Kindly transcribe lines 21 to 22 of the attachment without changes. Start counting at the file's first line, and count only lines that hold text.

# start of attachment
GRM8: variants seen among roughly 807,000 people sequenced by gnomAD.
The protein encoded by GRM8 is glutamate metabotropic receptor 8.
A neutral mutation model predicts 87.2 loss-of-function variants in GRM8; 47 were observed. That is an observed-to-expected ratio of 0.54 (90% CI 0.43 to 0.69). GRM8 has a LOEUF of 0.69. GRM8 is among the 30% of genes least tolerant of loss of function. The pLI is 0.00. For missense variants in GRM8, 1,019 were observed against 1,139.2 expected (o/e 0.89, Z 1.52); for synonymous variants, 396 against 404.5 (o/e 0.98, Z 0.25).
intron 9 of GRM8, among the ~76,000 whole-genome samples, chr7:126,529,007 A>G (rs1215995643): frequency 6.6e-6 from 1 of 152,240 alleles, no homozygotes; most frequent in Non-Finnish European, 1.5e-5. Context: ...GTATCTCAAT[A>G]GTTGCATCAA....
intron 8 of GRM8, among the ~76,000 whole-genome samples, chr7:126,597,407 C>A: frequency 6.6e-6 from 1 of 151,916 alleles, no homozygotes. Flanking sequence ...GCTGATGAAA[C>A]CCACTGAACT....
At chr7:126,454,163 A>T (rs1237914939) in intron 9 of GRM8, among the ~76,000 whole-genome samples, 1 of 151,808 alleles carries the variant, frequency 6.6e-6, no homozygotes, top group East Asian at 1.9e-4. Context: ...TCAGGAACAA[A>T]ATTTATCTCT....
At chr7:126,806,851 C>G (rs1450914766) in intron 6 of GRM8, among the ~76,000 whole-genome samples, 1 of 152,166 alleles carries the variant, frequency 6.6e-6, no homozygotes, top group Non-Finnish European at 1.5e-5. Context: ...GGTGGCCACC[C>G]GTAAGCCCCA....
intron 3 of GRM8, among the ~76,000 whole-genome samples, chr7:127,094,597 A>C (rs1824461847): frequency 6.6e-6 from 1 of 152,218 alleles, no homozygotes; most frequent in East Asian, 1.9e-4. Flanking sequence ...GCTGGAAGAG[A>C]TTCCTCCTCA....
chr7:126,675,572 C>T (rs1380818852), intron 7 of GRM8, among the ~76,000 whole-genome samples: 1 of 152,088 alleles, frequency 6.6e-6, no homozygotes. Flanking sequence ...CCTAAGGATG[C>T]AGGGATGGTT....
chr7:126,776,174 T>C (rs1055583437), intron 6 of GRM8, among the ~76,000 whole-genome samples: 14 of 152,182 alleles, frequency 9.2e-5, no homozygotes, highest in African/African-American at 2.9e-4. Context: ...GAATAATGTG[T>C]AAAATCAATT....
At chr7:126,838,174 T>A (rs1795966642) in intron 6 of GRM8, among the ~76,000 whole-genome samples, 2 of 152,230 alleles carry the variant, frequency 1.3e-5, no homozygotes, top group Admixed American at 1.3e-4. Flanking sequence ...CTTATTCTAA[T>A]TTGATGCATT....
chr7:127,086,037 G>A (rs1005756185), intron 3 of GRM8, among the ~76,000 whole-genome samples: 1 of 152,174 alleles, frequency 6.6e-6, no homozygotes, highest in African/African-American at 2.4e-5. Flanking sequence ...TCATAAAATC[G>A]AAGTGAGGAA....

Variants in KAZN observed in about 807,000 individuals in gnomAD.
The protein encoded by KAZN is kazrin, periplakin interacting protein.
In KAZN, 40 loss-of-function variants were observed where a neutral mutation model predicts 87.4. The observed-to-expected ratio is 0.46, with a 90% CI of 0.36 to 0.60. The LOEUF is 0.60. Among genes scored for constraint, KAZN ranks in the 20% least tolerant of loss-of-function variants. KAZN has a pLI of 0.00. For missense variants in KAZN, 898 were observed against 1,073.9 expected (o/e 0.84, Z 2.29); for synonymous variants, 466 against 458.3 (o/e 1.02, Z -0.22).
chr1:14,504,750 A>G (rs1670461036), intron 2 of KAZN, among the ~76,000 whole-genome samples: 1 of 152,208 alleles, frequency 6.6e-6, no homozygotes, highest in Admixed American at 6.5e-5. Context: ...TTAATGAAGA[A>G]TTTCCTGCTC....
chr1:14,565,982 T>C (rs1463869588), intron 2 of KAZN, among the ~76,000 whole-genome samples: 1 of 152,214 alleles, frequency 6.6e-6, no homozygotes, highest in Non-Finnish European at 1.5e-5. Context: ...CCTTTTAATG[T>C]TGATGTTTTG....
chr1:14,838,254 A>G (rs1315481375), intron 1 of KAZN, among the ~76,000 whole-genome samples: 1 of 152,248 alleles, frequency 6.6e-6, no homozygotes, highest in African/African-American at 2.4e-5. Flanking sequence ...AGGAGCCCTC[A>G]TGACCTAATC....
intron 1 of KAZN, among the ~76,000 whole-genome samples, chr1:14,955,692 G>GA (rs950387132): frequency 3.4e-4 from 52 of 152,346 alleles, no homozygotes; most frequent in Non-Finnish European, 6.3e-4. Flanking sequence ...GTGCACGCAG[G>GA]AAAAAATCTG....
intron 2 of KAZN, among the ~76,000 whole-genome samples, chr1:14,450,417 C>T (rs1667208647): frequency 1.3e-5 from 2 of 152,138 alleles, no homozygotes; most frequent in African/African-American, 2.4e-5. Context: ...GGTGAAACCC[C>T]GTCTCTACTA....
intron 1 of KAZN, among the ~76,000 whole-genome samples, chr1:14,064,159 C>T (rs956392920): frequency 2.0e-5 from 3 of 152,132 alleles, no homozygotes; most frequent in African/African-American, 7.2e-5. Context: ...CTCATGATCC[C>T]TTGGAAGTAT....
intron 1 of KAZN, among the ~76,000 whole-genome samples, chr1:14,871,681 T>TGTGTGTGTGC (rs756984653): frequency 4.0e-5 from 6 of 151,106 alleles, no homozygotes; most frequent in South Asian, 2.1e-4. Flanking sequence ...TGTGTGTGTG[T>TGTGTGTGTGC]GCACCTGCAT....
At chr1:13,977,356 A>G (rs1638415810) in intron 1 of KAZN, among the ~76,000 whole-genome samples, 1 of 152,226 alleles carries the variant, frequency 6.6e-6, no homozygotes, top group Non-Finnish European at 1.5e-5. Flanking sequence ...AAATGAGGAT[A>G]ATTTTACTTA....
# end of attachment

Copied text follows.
intron 1 of KAZN, among the ~76,000 whole-genome samples, chr1:14,064,159 C>T (rs956392920): frequency 2.0e-5 from 3 of 152,132 alleles, no homozygotes; most frequent in African/African-American, 7.2e-5. Context: ...CTCATGATCC[C>T]TTGGAAGTAT....
intron 1 of KAZN, among the ~76,000 whole-genome samples, chr1:14,871,681 T>TGTGTGTGTGC (rs756984653): frequency 4.0e-5 from 6 of 151,106 alleles, no homozygotes; most frequent in South Asian, 2.1e-4. Flanking sequence ...TGTGTGTGTG[T>TGTGTGTGTGC]GCACCTGCAT....